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Two Noble Kinsmen: Act 2, Scene 3

Two Noble Kinsmen
Act 2, Scene 3

The country near Athens.

  1. Enter Arcite.

Arcite

2 - 24
  1. Banish’d the kingdom? ’Tis a benefit,
  2. A mercy I must thank ’em for; but banish’d
  3. The free enjoying of that face I die for
  4. O, ’twas a studied punishment, a death
  5. Beyond imagination! Such a vengeance
  6. That were I old and wicked, all my sins
  7. Could never pluck upon me. Palamon!
  8. Thou hast the start now; thou shalt stay and see
  9. Her bright eyes break each morning ’gainst thy window,
  10. And let in life into thee; thou shalt feed
  11. Upon the sweetness of a noble beauty,
  12. That nature nev’r exceeded, nor nev’r shall.
  13. Good gods! What happiness has Palamon!
  14. Twenty to one, he’ll come to speak to her,
  15. And if she be as gentle as she’s fair,
  16. I know she’s his; he has a tongue will tame tempests,
  17. And make the wild rocks wanton. Come what can come,
  18. The worst is death: I will not leave the kingdom.
  19. I know mine own is but a heap of ruins,
  20. And no redress there. If I go, he has her.
  21. I am resolv’d another shape shall make me,
  22. Or end my fortunes. Either way, I am happy:
  23. I’ll see her, and be near her, or no more.
  1. Retires.
  1. Enter four Country People, and one with a garland before
  2. them.

First Country Folk

28
  1. My masters, I’ll be there, that’s certain.

Second Country Folk

29
  1. And I’ll be there.

Third Country Folk

30
  1. And I.

Fourth Country Folk

31 - 33
  1. Why then have with ye, boys! ’Tis but a chiding.
  2. Let the plough play today, I’ll tickle’t out
  3. Of the jades’ tails tomorrow.

First Country Folk

34 - 36
  1.                               I am sure
  2. To have my wife as jealous as a turkey.
  3. But that’s all one, I’ll go through, let her mumble.

Second Country Folk

37 - 38
  1. Clap her aboard tomorrow night, and stow her,
  2. And all’s made up again.

Third Country Folk

39 - 42
  1.                          Ay, do but put
  2. A fescue in her fist, and you shall see her
  3. Take a new lesson out, and be a good wench.
  4. Do we all hold against the Maying?

Fourth Country Folk

43 - 44
  1.                                    Hold?
  2. What should ail us?

Third Country Folk

45
  1.                     Arcas will be there.

Second Country Folk

46 - 50
  1.                      And Sennois,
  2. And Rycas, and three better lads nev’r danc’d
  3. Under green tree; and ye know what wenches, ha?
  4. But will the dainty domine, the schoolmaster,
  5. Keep touch, do you think? For he does all, ye know.

Third Country Folk

51 - 54
  1. He’ll eat a horn-book ere he fail. Go to!
  2. The matter’s too far driven between him
  3. And the tanner’s daughter to let slip now;
  4. And she must see the Duke, and she must dance too.

Fourth Country Folk

55
  1. Shall we be lusty?

Second Country Folk

56 - 59
  1.                    All the boys in Athens
  2. Blow wind i’ th’ breech on ’s, and here I’ll be,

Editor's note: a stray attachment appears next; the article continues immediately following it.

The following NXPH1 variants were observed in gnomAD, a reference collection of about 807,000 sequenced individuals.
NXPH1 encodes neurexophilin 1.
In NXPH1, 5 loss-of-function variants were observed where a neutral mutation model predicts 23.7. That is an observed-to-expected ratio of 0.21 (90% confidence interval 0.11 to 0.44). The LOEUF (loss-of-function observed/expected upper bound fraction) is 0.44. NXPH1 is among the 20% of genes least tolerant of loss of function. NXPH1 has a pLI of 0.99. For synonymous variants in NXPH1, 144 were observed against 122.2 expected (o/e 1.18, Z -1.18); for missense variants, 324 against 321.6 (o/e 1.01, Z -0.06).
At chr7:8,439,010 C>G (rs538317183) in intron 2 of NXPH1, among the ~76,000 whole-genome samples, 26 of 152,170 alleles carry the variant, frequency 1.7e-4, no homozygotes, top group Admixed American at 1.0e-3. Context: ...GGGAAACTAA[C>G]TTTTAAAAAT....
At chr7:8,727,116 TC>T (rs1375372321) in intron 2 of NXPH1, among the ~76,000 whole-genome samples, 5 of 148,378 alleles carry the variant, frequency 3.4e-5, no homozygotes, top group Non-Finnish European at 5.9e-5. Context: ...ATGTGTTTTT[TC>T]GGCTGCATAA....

3. And there I’ll be, for our town, and here again,
  4. And there again. Ha, boys, heigh for the weavers!

First Country Folk

60
  1. This must be done i’ th’ woods.

Fourth Country Folk

61
  1.                                 O, pardon me!

Second Country Folk

62 - 65
  1. By any means; our thing of learning says so
  2. Where he himself will edify the Duke
  3. Most parlously in our behalfs. He’s excellent i’ th’ woods,
  4. Bring him to th’ plains, his learning makes no cry.

Third Country Folk

66 - 69
  1. We’ll see the sports, then every man to ’s tackle!
  2. And, sweet companions, let’s rehearse by any means
  3. Before the ladies see us, and do sweetly,
  4. And God knows what may come on’t.

Fourth Country Folk

70 - 71
  1.                                   Content. The sports
  2. Once ended, we’ll perform. Away, boys, and hold!

Arcite

72 - 73
  1. Comes forward.
  2. By your leaves, honest friends: pray you, whither go you?

Fourth Country Folk

74
  1. Whither? Why, what a question’s that?

Arcite

75 - 76
  1.                                       Yes, ’tis a question
  2. To me that know not.

Third Country Folk

77
  1.                      To the games, my friend.

Second Country Folk

78
  1. Where were you bred you know it not?

Arcite

79 - 80
  1.                                      Not far, sir.
  2. Are there such games today?

First Country Folk

81 - 83
  1.                             Yes, marry, are there;
  2. And such as you never saw. The Duke himself
  3. Will be in person there.

Arcite

84
  1.                          What pastimes are they?

Second Country Folk

85
  1. Wrastling and running.—’Tis a pretty fellow.

Third Country Folk

86
  1. Thou wilt not go along?

Arcite

87
  1.                         Not yet, sir.

Fourth Country Folk

88 - 89
  1.               Well, sir,
  2. Take your own time. Come, boys.

First Country Folk

90 - 92
  1.                                 My mind misgives me
  2. This fellow has a veng’ance trick o’ th’ hip,
  3. Mark how his body’s made for’t.

Second Country Folk

93 - 95
  1.                                 I’ll be hang’d though
  2. If he dare venture. Hang him, plum porridge!
  3. He wrestle? He roast eggs! Come let’s be gone, lads.
  1. Exeunt four Countrymen.

Arcite

97 - 105
  1. This is an offer’d opportunity
  2. I durst not wish for. Well I could have wrestled,
  3. The best men call’d it excellent; and run
  4. Swifter than wind upon a field of corn,
  5. Curling the wealthy ears, never flew. I’ll venture,
  6. And in some poor disguise be there. Who knows
  7. Whether my brows may not be girt with garlands,
  8. And happiness prefer me to a place
  9. Where I may ever dwell in sight of her?
  1. Exit Arcite.
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